The First Department determined questions of fact were raised about whether there was a de facto merger of two nonprofit corporations. If a de facto merger is found in the sale of a corporation, the liabilities of the seller become the liabilities of the buyer. Because the established “de facto merger” law does not address nonprofits (which have no “owners”), the First Department fashioned a “nonprofit de facto merger” analytical framework:
Since, unlike for-profit corporations, nonprofits do not have owners, we hold that continuity of ownership is not a sine qua non of de facto merger of nonprofits, as it is for a finding of a de facto merger of for-profits … . Thus, it is necessary to examine the other elements of de facto merger.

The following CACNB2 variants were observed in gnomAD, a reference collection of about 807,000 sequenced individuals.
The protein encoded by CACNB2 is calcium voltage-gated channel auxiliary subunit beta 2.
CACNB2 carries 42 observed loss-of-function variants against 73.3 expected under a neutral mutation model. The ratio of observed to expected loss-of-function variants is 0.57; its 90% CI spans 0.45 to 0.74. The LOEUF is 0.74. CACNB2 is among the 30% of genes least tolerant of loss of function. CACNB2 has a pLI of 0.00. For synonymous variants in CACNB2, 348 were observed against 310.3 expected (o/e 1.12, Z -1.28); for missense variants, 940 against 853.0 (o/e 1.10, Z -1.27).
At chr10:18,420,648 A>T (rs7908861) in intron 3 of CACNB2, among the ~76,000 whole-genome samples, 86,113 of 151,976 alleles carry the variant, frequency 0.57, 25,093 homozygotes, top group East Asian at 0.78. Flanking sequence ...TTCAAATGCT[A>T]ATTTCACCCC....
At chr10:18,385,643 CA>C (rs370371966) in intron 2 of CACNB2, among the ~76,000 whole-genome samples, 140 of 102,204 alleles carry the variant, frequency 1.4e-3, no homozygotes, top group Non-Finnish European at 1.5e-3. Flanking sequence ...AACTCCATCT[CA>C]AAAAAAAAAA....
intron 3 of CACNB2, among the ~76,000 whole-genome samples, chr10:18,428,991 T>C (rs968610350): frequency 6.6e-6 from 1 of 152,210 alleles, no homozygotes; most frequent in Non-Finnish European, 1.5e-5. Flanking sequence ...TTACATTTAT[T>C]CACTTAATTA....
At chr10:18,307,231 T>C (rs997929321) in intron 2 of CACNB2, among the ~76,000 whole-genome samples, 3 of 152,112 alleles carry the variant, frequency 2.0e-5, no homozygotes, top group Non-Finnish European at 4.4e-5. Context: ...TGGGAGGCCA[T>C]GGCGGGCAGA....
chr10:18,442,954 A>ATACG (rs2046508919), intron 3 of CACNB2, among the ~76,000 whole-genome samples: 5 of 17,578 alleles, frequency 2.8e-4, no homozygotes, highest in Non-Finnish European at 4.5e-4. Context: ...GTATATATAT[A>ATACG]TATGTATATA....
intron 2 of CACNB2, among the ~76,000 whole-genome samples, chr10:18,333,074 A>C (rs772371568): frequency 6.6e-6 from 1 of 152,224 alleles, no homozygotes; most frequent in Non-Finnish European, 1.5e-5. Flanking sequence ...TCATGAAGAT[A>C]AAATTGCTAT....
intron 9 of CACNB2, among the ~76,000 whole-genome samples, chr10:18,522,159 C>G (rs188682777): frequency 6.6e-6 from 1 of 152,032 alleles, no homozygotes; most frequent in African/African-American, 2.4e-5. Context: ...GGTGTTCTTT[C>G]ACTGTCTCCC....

Plaintiffs satisfied the second and third elements, “cessation of ordinary business operations and the dissolution of the selling corporation as soon as possible after the transaction,” and “the buyer’s assumption of the liabilities ordinarily necessary for the uninterrupted continuation of the seller’s business”… . …
Triable issues of fact exist as to the fourth element of de facto merger, “continuity of management, personnel, physical location, assets and general business operation”… . Ring v Elizabeth Found. for the Arts, 2016 NY Slip Op 01127, 1st Dept 2-16-16
CORPORATION LAW (DE FACTO MERGER OF NONPROFIT CORPORATIONS, ANALYTICAL FRAMEWORK)/DE FACTO MERGER (DE FACTO MERGER OF NONPROFIT CORPORATIONS, ANALYTICAL FRAMEWORK)/NONPROFIT CORPORATIONS (DE FACTO MERGER OF NONPROFIT CORPORATIONS, ANALYTICAL FRAMEWORK)